Ben: Well, I have to admit, it’s a slightly hostile question (and the same individual left many comments on the actual show over at BenGreenfieldFitness.com). He’s referencing, or she, the Doug Graham interview in which we talked about 80% carbohydrate diet made up of fruit which of course, flu in the face, the other podcast that we did with Paul Jaminet from the Perfect Health Diet who pointed out the fact that the body’s daily glucose consumption is somewhere in the range of 400-600 calories and that number is actually made up of anywhere in the range of a hundred to 500 calories that your brain and your nerves need to function in terms of glucose calories. There is a compound in your body not made up of glycoproteins called mucin and mucin is really necessary for things like production of mucus and the lining of your GI tract and that needs anywhere in the range of 200-300 calories to have that glucose part of the protein molecule in mucin. And then your immune and your intestinal and your kidney cells, those need about a hundred calories of glucose and to burn fat, your body needs about 200 calories of glucose a day and when you add all that up, it means that if you were just going to sit around during the day and not do anything at all, you’d still need to maintain a healthy immune system and healthy function and basically feel good about 400-600 calories of carbohydrates in any given day and that’s actually carbohydrates derived from food that you eat. Now if you’re going to get up and you’re going to exercise, you can certainly take fats and proteins and turn those into carbohydrates, your body can do that very efficiently, and use those for exercise but you’re not going to be able to reach a really high intensity. In order for you to go out and do like sprints and weight training and things like that, you’re going to need to consume more carbohydrates than that 400-600 calories of carbohydrates per day or you’re going to need storage carbohydrate in terms of muscle glycogen that your body can rely on and so, no, I’m not saying that athletes can survive on 400-600 calories of carbohydrates per day a week long, year round. The trick for an athlete or an exercising individual to be able to thrive on a low carbohydrate diet or 400-600 calories of carbohydrates per day is to go through re-feeding cycles where you restore muscle glycogen. So when you do something like this, you get the physiological and the health benefits of not constantly bringing your blood sugar levels and your insulin levels up through high carbohydrate consumption but you also get the benefit of being able to restore carbohydrates at key strategic times throughout the week. So for example if you’re following a low carbohydrate diet, you could eat 400 or 600 calories of carbohydrates per day, Monday through Friday and then Saturday and Sunday, step up carbohydrate intake to anywhere from 50-70% of your actual daily calorie intake. So there is really no black and white when it comes to just eating low carbs if you’re going to be a heavily exercising individual but you can certainly have periods of time that you go through where you’re only eating 400, 600 calories of carbohydrates per day. I’ve done it, I’m in the process of writing about it, I have clients who I’m working with who have done it and there are certainly some pretty massive health benefits that come with limiting your carbohydrate consumption, even if you are an athlete burning carbohydrates.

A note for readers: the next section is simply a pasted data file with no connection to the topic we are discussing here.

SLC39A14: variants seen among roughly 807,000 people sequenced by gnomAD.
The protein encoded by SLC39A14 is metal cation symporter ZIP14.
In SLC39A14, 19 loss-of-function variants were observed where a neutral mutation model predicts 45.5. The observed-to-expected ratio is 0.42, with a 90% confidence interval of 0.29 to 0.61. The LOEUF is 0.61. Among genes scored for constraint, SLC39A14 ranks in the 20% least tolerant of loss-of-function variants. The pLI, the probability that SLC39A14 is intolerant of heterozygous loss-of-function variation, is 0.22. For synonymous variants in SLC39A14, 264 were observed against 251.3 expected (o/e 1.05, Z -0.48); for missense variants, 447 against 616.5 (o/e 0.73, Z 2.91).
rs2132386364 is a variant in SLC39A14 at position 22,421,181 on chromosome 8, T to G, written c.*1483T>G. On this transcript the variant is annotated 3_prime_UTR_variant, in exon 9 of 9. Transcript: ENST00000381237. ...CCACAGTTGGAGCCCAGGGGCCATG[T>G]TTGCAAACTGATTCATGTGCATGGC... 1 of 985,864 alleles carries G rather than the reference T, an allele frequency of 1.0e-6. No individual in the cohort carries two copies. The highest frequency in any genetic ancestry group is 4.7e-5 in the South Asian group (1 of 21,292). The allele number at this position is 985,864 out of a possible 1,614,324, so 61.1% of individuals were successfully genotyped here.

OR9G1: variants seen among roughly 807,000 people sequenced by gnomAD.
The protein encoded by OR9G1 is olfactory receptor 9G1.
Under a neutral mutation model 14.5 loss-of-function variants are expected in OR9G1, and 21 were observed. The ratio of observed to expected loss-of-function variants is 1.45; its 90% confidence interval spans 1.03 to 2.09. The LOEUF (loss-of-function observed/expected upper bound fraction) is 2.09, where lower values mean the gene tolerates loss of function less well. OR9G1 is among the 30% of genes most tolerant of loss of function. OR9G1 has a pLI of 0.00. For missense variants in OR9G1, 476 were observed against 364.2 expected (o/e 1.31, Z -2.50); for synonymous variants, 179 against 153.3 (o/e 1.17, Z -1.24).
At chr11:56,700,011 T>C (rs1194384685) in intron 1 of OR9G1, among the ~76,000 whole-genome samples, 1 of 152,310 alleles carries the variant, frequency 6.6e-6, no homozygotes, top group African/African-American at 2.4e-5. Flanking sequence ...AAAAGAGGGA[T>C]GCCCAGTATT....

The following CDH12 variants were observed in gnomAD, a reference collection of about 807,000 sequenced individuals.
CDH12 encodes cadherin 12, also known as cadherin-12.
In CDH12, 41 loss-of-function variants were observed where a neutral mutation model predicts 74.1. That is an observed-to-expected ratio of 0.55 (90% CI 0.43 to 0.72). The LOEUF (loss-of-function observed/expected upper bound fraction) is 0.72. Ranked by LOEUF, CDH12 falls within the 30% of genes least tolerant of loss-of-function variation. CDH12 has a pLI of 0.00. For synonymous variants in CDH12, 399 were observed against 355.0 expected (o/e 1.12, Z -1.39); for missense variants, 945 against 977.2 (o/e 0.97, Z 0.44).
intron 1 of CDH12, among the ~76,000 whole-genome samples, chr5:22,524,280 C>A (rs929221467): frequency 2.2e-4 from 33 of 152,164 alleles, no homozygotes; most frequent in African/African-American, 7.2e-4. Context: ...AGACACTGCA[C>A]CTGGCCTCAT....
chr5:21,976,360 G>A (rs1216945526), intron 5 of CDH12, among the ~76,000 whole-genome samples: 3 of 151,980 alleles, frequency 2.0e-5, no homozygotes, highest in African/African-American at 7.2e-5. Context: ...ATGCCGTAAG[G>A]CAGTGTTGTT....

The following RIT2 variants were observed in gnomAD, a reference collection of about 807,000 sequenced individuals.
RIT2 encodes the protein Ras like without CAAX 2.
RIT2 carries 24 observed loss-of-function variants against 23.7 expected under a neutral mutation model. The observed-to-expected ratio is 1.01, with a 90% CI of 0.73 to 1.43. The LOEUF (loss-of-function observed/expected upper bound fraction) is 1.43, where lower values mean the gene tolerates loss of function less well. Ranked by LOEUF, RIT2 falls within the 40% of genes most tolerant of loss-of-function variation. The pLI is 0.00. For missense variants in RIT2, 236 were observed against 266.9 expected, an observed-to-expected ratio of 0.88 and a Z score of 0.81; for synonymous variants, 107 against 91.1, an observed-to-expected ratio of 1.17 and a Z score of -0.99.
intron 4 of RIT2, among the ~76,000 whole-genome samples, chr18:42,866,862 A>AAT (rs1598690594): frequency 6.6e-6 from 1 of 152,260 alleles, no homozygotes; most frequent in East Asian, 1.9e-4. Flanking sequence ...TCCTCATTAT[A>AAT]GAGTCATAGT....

Ed: I love to do a triathlon but I’m afraid of swimming in the ocean or lake. I swim an hour twice a week in a pool that is 12ft deep but can you help me or give me some idea of what to do to overcome my fear of swimming in the open water?